We believe and accept the doctrines of the Seven Early Church Ecumenical Councils of the undivided Catholic Church.



Seven Ecumenical Councils





In early church history, an ecumenical council was a meeting of the bishops of the whole church convened to discuss and settle matters of Church doctrine and practice.





The Seven Ecumenical Councils


An ecumenical council (or oecumenical council also general council) is a conference of ecclesiastical dignitaries and theological experts convened to discuss and settle matters of Church doctrine and practice. The word "ecumenical" derives from the Greek language "οἰκουμένη", which literally means "the inhabited world", – a reference to the Roman Empire that later was extended to apply to the world in general. Due to schisms, only the two earliest councils can be considered to have included bishops of the entire Christian Church, as it existed before those schisms. Later councils included bishops of only parts of the Church as previously constituted, leading the Christians who do not belong to those parts to reject the actions of those councils.


Acceptance of these councils thus varies between different branches of Christianity. Disputes over christological questions have led certain branches to reject some of the councils that others accept.


We believe and accept the doctrines of the Seven Early Church Ecumenical Councils of the undivided Catholic Church.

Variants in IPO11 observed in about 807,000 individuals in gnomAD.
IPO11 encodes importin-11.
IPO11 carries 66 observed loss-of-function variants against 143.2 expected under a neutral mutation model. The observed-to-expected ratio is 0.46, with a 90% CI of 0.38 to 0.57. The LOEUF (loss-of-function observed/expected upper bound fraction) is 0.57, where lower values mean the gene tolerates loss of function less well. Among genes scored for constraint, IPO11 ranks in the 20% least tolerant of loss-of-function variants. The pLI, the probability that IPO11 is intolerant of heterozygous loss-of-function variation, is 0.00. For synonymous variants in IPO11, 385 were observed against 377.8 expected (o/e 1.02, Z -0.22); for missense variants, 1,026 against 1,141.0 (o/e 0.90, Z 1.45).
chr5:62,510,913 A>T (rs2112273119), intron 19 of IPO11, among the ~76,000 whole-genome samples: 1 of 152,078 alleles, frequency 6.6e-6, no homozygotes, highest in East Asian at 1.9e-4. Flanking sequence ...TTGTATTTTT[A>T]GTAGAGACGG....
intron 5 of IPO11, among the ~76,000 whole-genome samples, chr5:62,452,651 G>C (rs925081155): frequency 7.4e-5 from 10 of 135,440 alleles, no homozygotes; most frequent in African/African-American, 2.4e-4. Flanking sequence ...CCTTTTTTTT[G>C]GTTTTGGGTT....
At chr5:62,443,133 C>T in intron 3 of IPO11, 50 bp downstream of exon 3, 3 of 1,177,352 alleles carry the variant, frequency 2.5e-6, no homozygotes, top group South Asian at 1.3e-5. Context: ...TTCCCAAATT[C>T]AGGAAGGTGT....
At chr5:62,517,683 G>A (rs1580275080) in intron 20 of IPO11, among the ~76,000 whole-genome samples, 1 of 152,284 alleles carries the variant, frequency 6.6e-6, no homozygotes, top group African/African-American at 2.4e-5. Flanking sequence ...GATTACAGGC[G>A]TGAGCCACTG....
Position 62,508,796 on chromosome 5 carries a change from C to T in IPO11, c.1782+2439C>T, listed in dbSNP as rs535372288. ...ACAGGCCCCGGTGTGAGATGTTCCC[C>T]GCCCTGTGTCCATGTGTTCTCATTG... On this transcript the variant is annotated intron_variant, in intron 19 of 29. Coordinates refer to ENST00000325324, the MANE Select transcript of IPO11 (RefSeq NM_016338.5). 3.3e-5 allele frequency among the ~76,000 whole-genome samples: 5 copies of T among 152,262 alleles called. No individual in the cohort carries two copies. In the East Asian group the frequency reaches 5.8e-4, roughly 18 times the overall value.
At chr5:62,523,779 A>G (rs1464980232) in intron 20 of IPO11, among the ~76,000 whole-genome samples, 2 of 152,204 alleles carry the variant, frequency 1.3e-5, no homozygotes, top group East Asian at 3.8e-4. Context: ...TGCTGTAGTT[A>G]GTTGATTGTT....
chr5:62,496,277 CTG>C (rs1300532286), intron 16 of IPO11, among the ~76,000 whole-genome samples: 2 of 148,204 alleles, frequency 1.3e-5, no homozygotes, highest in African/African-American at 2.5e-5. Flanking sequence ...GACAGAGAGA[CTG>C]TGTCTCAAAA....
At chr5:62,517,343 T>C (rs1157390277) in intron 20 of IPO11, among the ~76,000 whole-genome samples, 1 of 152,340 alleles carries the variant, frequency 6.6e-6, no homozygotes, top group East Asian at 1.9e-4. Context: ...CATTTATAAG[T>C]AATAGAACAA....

For a more in-depth review of the Seven Ecumenical Councils, please click on the highlighted names of each Council listed below:


First Ecumenical Council - Nicaea, Asia Minor (325 A.D.) Formulated the First Part of the Creed and defining the divinity of the Son of God.


Second Ecumenical Council - Constantinople (381 A.D.) Formulated the Second Part of the Creed, defining the divinity of the Holy Spirit.


Third Ecumenical Council - Ephesus, Asia Minor (431 A.D.) Defined Christ as the Incarnate Word of God and Mary as Theotokos.


Fourth Ecumenical Council - Chalcedon, Asia Minor (451 A.D.) Defined Christ as Perfect God and Perfect Man in One Person.


Fifth Ecumenical Council - Constantinople II (553 A.D.) Reconfirmed the Doctrines of the Trinity and Christ.


Sixth Ecumenical Council - Constantinople III (680 A.D.) Affirmed the True Humanity of Jesus by insisting upon the reality of His Human will and action.


Seventh Ecumenical Council - Nicaea, Asia Minor (787 A.D.) Affirmed the propriety of icons as genuine expressions of the Christian Faith.


We base our belief statement on the first seven ecumenical (or oecumenical council also general council) councils of the Universal Church.


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